Saturday, December 03, 2005

Vertical Church of the Perpetual Bob Scrapped

When I first began writing One Cosmos Under God, I thought I might have to invent a new religion in order to convey my ideas about spirituality. This would have meant becoming a guru, corralling a bunch of fawning disciples, or "bobbleheads", soliciting constant love offerings (i.e., cash) from my flock, and deputizing Petey to be my official spokesperson.

However, as I immersed myself in Higher Things, I happily discovered that all of the available "big box" religions are perfectly capable of taking you just as far as you want to go in the realm of Spirit. These things aren't necessarily advertised to the masses. Rather, you have to go deep into your tradition, way past the mere Words department, so that you may forego the pastorized milk in favor of drinking directly from the sacred cow.

Christianity is a case in point. If you're anything like me, then it is likely that you internalized a dysfunctional version of Christianity as a child, warping your ability to see it as anything other than a bunch of quaint fairy tales for the slack-jawed masses. From my earliest exposure to Christianity in Sunday school as a child, I had some real problems with it--not because of Christianity, but because of the people presenting it. Something is wrong if religion is conveyed by an adult to a six year-old in such a way that the child thinks to himself, "Geez, what an idiot. Does he really believe this stuff?" It is fair to say that I struggled with some version of this smug and misguided six year-old attitude for the subsequent thirty years or so, which is what undoubtedly prompted me to initially seek metaphysical nourishment elsewhere, in eastern religions. I'm sure this is a common pattern.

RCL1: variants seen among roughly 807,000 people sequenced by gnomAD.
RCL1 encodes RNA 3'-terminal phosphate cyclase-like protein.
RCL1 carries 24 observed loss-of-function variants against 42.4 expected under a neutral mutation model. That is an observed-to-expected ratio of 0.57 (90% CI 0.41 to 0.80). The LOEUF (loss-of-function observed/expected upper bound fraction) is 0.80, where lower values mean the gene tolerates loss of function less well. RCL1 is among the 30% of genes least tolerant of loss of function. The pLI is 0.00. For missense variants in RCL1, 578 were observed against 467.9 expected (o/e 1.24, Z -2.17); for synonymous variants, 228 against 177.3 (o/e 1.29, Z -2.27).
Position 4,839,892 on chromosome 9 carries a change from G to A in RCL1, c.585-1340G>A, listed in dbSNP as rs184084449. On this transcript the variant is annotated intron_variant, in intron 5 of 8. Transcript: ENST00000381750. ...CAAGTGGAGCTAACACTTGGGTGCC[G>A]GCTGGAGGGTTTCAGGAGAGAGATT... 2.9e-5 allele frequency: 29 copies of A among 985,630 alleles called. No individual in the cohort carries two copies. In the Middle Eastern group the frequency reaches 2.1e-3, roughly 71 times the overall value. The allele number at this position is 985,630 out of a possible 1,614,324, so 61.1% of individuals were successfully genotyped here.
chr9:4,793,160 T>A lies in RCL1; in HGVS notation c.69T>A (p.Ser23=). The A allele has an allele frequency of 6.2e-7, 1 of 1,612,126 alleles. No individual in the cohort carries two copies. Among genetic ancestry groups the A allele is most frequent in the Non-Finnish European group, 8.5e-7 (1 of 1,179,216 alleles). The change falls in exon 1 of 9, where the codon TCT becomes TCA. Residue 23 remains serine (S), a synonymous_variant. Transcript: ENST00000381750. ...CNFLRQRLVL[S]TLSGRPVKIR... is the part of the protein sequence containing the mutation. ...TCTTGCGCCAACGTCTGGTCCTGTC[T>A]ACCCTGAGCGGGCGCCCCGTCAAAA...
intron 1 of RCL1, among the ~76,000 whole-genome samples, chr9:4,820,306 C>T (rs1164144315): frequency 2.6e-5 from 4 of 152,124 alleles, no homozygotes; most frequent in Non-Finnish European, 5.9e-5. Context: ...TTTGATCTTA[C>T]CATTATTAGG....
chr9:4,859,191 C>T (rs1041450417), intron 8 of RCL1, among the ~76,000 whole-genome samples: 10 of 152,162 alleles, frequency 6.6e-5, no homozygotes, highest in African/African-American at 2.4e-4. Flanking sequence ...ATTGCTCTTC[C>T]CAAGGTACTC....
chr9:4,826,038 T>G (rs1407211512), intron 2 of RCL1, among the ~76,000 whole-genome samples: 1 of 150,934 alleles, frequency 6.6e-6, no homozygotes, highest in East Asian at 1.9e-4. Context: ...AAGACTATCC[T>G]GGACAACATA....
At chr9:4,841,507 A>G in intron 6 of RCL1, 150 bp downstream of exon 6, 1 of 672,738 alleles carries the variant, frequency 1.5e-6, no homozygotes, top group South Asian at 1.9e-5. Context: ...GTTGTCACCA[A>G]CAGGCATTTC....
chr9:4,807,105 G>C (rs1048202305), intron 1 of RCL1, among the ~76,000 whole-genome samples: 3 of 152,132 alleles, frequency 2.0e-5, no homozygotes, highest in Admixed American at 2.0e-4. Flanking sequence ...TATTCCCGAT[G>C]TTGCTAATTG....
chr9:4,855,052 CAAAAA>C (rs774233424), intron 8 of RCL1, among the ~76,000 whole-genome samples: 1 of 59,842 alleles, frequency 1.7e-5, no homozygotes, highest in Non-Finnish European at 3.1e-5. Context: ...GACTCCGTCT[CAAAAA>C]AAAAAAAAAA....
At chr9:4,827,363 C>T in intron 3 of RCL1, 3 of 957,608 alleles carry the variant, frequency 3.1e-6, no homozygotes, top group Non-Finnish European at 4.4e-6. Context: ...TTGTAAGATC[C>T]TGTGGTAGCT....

As I say in my book, I see spiritual reality as a sort of invisible topology with innumerable "springs" dotting the landscape and bubbling forth vertically from another dimension. Fortunately for me, in the course of writing my book, I stumbled upon one of these springs that allowed me to appreciate the great beauty, power and truth of Christianity. I look at the different religions--real religions--as analogous to, say, telescopes or microscopes in the realm of science. Just as the scientist uses a microscope to enlarge invisible entities so that they may be seen, we "look through" the great religions in order to see another kind of invisible reality that normally cannot be detected. I used to think that you only practiced a religion if you believed in God. Now I understand that you practice a religion in order to know God.

If you are using your religion as a successful macroscope, then it will awaken hidden layers of the soul, which in turn will provide you with the means necessary to see more deeply into the Divine. As this happens, you will experience a compelling influx of new ideas, capacities, sentiments, and aspirations that cannot be explained in any other way. Religions are full of "secret" knowledge that is inaccessible to those who do not take the time to practice one.